Turin and the British in the Age of the Grand Tour
21 Sep 2017
Bianchi, Paola; Wolfe, Karin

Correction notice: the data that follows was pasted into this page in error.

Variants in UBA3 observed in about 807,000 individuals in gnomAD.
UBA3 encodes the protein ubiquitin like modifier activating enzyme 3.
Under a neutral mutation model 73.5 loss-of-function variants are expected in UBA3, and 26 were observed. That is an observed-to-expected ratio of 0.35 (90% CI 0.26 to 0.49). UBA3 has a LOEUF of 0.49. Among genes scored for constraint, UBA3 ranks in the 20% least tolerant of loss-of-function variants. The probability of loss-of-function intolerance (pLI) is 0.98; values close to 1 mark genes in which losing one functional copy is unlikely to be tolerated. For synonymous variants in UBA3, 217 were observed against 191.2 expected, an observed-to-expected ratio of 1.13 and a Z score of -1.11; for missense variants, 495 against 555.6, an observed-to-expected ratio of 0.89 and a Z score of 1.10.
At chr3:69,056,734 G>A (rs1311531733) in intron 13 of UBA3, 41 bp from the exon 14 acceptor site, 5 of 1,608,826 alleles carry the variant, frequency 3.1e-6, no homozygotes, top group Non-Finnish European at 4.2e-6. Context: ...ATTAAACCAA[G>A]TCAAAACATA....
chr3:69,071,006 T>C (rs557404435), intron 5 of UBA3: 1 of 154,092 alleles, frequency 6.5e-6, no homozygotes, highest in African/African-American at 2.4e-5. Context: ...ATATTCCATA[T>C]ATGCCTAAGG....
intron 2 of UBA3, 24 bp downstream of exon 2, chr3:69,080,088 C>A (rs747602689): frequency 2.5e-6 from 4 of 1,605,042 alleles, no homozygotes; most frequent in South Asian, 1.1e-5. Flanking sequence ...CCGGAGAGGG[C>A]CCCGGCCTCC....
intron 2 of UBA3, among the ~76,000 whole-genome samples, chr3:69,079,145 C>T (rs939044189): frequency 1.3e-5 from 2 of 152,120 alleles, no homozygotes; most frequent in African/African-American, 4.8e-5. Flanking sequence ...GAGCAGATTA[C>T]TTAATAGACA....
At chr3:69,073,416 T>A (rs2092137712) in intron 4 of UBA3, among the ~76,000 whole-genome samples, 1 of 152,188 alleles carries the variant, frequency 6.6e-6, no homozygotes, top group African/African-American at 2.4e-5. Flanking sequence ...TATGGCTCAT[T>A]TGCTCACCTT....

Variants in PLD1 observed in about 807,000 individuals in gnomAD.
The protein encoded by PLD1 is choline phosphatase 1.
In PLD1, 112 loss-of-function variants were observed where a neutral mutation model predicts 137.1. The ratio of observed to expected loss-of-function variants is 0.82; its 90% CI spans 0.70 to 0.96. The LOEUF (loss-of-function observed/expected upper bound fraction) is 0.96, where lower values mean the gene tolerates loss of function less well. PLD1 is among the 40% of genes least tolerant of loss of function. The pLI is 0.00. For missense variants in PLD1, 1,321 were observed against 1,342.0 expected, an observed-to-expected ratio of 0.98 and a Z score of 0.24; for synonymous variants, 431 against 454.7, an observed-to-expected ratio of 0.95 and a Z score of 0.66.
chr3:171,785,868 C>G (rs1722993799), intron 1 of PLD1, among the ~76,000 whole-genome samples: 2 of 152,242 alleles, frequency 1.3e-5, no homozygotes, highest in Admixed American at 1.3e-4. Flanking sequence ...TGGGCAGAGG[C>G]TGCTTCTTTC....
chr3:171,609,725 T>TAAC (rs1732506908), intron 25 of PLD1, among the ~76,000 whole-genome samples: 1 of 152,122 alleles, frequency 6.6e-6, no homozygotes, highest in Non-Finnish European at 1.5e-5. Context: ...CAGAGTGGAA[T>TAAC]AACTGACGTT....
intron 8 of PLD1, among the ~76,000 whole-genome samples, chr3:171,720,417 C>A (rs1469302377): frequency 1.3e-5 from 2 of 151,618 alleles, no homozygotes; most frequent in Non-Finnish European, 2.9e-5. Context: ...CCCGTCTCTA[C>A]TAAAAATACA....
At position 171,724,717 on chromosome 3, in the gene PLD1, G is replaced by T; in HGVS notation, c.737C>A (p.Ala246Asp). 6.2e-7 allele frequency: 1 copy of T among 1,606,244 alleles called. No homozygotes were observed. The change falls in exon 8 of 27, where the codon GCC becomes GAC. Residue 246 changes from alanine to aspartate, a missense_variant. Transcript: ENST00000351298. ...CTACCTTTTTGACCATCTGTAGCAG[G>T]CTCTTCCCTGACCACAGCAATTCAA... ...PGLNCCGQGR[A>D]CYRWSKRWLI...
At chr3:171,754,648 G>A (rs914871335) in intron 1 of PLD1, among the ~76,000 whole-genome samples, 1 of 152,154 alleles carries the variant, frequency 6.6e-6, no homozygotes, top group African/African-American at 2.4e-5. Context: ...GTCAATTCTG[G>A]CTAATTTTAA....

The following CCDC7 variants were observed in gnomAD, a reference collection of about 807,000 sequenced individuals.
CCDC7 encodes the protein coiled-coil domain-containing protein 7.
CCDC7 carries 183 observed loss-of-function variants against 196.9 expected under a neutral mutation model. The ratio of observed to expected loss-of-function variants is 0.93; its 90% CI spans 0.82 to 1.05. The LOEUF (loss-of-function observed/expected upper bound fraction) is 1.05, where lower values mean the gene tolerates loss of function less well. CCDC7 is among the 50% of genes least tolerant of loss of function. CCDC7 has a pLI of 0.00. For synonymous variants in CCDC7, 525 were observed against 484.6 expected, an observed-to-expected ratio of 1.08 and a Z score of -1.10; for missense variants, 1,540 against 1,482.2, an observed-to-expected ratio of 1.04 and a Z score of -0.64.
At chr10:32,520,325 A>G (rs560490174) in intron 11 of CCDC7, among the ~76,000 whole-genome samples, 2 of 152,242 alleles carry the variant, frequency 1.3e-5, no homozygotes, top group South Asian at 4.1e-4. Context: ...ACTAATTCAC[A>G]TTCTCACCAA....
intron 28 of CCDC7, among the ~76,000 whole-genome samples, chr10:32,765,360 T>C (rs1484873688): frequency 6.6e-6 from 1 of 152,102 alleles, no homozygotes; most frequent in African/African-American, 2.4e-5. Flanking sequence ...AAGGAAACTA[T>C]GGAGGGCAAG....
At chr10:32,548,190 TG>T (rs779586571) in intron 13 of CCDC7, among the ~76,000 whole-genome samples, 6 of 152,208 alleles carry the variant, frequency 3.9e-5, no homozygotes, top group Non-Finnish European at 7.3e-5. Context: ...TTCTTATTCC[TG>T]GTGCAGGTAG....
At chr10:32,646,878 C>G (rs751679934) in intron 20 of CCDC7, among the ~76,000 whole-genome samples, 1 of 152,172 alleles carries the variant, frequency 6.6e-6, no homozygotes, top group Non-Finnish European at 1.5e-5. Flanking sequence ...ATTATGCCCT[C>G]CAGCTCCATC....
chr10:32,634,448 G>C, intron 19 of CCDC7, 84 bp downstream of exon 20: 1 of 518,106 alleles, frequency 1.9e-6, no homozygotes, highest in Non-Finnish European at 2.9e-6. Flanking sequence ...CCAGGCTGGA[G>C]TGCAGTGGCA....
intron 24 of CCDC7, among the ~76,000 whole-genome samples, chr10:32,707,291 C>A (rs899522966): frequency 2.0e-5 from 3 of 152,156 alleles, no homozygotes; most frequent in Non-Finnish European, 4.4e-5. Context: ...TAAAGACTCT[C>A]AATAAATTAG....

The Duchy of Savoy first claimed royal status in the seventeenth century, but only in 1713 was Victor Amadeus II, Duke of Savoy (1666-1732), crowned King of Sicily. The events of the Peace of Utrecht (1713) sanctioned the decades-long project the Duchy had pursued through the convoluted maze of political relationships between foreign powers. Of these, the British Kingdom was one of their most assiduous advocates, because of complimentary dynastic, political, cultural and commercial interests. A notable stream of British diplomats and visitors to the Sabaudian capital engaged in an extraordinary and reciprocal exchange with the Turinese during this fertile period. The flow of travellers, a number of whom were British emissaries and envoys posted to the court, coincided, in part, with the itineraries of the international Grand Tour which transformed the capital into a gateway to Italy, resulting in a conflagration of cultural cosmopolitanism in early modern Europe.